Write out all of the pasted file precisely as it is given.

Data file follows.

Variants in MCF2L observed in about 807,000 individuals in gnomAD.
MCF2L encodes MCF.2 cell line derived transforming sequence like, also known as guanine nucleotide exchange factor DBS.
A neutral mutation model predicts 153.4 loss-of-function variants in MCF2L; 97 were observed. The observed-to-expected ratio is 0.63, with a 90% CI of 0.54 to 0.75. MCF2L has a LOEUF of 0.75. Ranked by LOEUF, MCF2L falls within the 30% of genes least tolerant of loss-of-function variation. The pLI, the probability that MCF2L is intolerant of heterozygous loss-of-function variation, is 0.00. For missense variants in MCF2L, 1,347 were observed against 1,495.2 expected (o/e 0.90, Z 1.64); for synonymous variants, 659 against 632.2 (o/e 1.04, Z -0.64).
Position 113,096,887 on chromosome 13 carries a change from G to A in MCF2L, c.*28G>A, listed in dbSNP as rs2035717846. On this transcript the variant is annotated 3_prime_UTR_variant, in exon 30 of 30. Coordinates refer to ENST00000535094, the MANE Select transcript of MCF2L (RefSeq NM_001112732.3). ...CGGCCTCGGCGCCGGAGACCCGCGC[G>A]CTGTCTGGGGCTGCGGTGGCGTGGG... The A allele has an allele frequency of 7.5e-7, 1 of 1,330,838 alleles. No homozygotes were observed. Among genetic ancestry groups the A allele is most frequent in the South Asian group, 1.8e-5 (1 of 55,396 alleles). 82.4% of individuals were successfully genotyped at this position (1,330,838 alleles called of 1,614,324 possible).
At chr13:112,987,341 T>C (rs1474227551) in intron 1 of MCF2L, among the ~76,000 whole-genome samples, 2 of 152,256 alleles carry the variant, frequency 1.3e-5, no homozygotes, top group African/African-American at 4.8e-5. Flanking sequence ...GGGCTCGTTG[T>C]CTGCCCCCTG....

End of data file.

Variants in MCF2L observed in about 807,000 individuals in gnomAD.
MCF2L encodes MCF.2 cell line derived transforming sequence like, also known as guanine nucleotide exchange factor DBS.
A neutral mutation model predicts 153.4 loss-of-function variants in MCF2L; 97 were observed. The observed-to-expected ratio is 0.63, with a 90% CI of 0.54 to 0.75. MCF2L has a LOEUF of 0.75. Ranked by LOEUF, MCF2L falls within the 30% of genes least tolerant of loss-of-function variation. The pLI, the probability that MCF2L is intolerant of heterozygous loss-of-function variation, is 0.00. For missense variants in MCF2L, 1,347 were observed against 1,495.2 expected (o/e 0.90, Z 1.64); for synonymous variants, 659 against 632.2 (o/e 1.04, Z -0.64).
Position 113,096,887 on chromosome 13 carries a change from G to A in MCF2L, c.*28G>A, listed in dbSNP as rs2035717846. On this transcript the variant is annotated 3_prime_UTR_variant, in exon 30 of 30. Coordinates refer to ENST00000535094, the MANE Select transcript of MCF2L (RefSeq NM_001112732.3). ...CGGCCTCGGCGCCGGAGACCCGCGC[G>A]CTGTCTGGGGCTGCGGTGGCGTGGG... The A allele has an allele frequency of 7.5e-7, 1 of 1,330,838 alleles. No homozygotes were observed. Among genetic ancestry groups the A allele is most frequent in the South Asian group, 1.8e-5 (1 of 55,396 alleles). 82.4% of individuals were successfully genotyped at this position (1,330,838 alleles called of 1,614,324 possible).
At chr13:112,987,341 T>C (rs1474227551) in intron 1 of MCF2L, among the ~76,000 whole-genome samples, 2 of 152,256 alleles carry the variant, frequency 1.3e-5, no homozygotes, top group African/African-American at 4.8e-5. Flanking sequence ...GGGCTCGTTG[T>C]CTGCCCCCTG....